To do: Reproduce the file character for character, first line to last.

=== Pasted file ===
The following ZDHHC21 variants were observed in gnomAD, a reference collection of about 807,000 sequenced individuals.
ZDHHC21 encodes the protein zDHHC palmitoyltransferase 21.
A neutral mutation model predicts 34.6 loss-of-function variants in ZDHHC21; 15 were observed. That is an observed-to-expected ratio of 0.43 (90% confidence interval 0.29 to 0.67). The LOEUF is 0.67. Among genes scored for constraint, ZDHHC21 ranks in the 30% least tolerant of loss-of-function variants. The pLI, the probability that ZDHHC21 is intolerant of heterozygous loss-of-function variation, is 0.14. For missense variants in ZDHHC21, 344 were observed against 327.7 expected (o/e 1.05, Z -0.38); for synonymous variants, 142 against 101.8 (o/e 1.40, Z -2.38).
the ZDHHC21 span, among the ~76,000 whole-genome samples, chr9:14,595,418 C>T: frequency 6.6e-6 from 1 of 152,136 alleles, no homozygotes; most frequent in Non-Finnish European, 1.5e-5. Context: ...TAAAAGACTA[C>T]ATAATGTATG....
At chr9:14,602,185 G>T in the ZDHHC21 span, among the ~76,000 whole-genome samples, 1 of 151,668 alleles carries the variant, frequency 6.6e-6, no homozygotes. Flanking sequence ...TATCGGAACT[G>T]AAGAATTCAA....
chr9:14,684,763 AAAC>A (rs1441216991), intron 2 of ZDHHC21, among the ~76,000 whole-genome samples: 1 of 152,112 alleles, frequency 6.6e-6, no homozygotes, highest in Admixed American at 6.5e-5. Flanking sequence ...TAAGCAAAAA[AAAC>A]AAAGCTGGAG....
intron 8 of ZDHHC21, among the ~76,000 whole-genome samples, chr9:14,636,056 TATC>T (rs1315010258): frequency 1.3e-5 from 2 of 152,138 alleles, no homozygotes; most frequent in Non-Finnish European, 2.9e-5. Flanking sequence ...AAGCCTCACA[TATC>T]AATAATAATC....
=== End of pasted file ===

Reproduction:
The following ZDHHC21 variants were observed in gnomAD, a reference collection of about 807,000 sequenced individuals.
ZDHHC21 encodes the protein zDHHC palmitoyltransferase 21.
A neutral mutation model predicts 34.6 loss-of-function variants in ZDHHC21; 15 were observed. That is an observed-to-expected ratio of 0.43 (90% confidence interval 0.29 to 0.67). The LOEUF is 0.67. Among genes scored for constraint, ZDHHC21 ranks in the 30% least tolerant of loss-of-function variants. The pLI, the probability that ZDHHC21 is intolerant of heterozygous loss-of-function variation, is 0.14. For missense variants in ZDHHC21, 344 were observed against 327.7 expected (o/e 1.05, Z -0.38); for synonymous variants, 142 against 101.8 (o/e 1.40, Z -2.38).
the ZDHHC21 span, among the ~76,000 whole-genome samples, chr9:14,595,418 C>T: frequency 6.6e-6 from 1 of 152,136 alleles, no homozygotes; most frequent in Non-Finnish European, 1.5e-5. Context: ...TAAAAGACTA[C>T]ATAATGTATG....
At chr9:14,602,185 G>T in the ZDHHC21 span, among the ~76,000 whole-genome samples, 1 of 151,668 alleles carries the variant, frequency 6.6e-6, no homozygotes. Flanking sequence ...TATCGGAACT[G>T]AAGAATTCAA....
chr9:14,684,763 AAAC>A (rs1441216991), intron 2 of ZDHHC21, among the ~76,000 whole-genome samples: 1 of 152,112 alleles, frequency 6.6e-6, no homozygotes, highest in Admixed American at 6.5e-5. Flanking sequence ...TAAGCAAAAA[AAAC>A]AAAGCTGGAG....
intron 8 of ZDHHC21, among the ~76,000 whole-genome samples, chr9:14,636,056 TATC>T (rs1315010258): frequency 1.3e-5 from 2 of 152,138 alleles, no homozygotes; most frequent in Non-Finnish European, 2.9e-5. Flanking sequence ...AAGCCTCACA[TATC>T]AATAATAATC....